Whether you’ve taught hundreds of students in the past, or are gearing up for your first in-person class this fall, lecturing can be daunting. But delivering a high-quality presentation doesn’t have to be as difficult as it seems. The seven tips below will help shift your nerves to the back burner while putting engagement and belonging front and center.

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1. Plan your lecture notes and visual aids in advance

Preparing ahead of your first class can help you anticipate student questions while ensuring you cover all pertinent tenets of your material. Create an outline of how you’ll begin your class and what discussion prompts and activities you’ll use to engage students. It’s important to consider the format that works for you: this could be cue cards for an in-person class or a second monitor with your notes on screen during an online class.

Additionally, consider incorporating a few discussion prompts for the end of your lecture in case student participation is low. This process will further eliminate any awkward silence. Be sure to avoid writing your lecture notes word-for-word, as this will make your delivery less authentic and meaningful.

2. Take notes from your colleagues

Seek out mentors in your colleagues. Get to know your peers and consider asking them how they effectively plan their lectures—what and how many activities do they use? How do they introduce new topics? What does group work look like in their course? Not only will you be able to expand your own network, you’ll get valuable tips for forming an engaging and inviting class climate. Alternatively, consider doing a practice run of your lecture introduction or another element in front of a colleague. They’ll be able to provide you with useful feedback that will help you strengthen the delivery of future lectures.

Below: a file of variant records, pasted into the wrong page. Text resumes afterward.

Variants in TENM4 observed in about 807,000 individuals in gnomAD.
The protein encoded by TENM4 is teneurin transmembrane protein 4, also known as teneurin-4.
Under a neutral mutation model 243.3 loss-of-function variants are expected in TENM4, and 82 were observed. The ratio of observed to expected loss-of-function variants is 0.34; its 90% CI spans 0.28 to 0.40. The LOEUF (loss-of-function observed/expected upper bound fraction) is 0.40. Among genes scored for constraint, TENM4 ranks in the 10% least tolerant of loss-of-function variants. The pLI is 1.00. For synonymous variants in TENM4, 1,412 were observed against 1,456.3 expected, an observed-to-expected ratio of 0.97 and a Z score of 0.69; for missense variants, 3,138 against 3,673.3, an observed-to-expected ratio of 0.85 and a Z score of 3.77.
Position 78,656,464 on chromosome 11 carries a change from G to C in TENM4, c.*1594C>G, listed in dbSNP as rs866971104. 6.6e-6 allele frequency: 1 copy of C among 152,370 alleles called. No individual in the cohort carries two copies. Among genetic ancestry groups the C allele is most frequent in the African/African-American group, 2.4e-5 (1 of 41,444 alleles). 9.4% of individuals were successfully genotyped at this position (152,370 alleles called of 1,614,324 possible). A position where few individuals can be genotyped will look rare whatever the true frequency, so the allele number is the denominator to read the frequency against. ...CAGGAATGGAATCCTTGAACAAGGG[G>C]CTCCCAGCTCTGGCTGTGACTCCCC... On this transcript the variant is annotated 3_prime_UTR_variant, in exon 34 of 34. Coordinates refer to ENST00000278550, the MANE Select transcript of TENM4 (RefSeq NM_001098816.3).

3. Include instructional reminders in your notes

Delivery reminders such as pausing your lecture to open the floor up to discussion or when to use supplemental material to reinforce a topic can be particularly helpful in maintaining engagement. Not only will these cues make you feel more at ease in front of a large group, your students will get to be part of a more participatory and humanizing learning experience. You might also consider adding answers to anticipated questions that your students might ask you related to your subject matter. Doing so will help you deliver timely, informative answers without the added pressure.

4. Forge connections early on to reduce anxiety

One of the first steps in forming connections with students is getting to know their names. Even if you’re teaching a large class, consider arriving early to get to know a handful of learners and their backgrounds. This small talk will also make students feel more comfortable going to you later in the term for support or guidance. Building rapport in a face-to-face classroom is even more important, with students seeing you in person multiple times a week. You might ask students to add a photo of themselves to their profile in your learning management system to make it easier for you and your teaching assistants to familiarize themselves with your cohort outside of class time.